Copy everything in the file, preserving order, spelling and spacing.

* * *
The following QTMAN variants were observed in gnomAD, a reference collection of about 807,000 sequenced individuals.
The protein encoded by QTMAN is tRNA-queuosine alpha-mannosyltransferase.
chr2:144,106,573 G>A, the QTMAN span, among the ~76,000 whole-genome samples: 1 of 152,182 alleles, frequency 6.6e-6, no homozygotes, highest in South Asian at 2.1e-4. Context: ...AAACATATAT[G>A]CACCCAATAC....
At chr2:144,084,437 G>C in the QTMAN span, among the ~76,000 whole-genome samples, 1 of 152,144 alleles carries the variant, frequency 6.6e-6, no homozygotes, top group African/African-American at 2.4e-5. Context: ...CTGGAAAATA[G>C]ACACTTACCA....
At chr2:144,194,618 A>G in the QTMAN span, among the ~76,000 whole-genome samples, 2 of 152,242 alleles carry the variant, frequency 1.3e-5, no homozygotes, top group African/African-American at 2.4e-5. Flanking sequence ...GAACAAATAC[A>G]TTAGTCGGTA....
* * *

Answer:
The following QTMAN variants were observed in gnomAD, a reference collection of about 807,000 sequenced individuals.
The protein encoded by QTMAN is tRNA-queuosine alpha-mannosyltransferase.
chr2:144,106,573 G>A, the QTMAN span, among the ~76,000 whole-genome samples: 1 of 152,182 alleles, frequency 6.6e-6, no homozygotes, highest in South Asian at 2.1e-4. Context: ...AAACATATAT[G>A]CACCCAATAC....
At chr2:144,084,437 G>C in the QTMAN span, among the ~76,000 whole-genome samples, 1 of 152,144 alleles carries the variant, frequency 6.6e-6, no homozygotes, top group African/African-American at 2.4e-5. Context: ...CTGGAAAATA[G>C]ACACTTACCA....
At chr2:144,194,618 A>G in the QTMAN span, among the ~76,000 whole-genome samples, 2 of 152,242 alleles carry the variant, frequency 1.3e-5, no homozygotes, top group African/African-American at 2.4e-5. Flanking sequence ...GAACAAATAC[A>G]TTAGTCGGTA....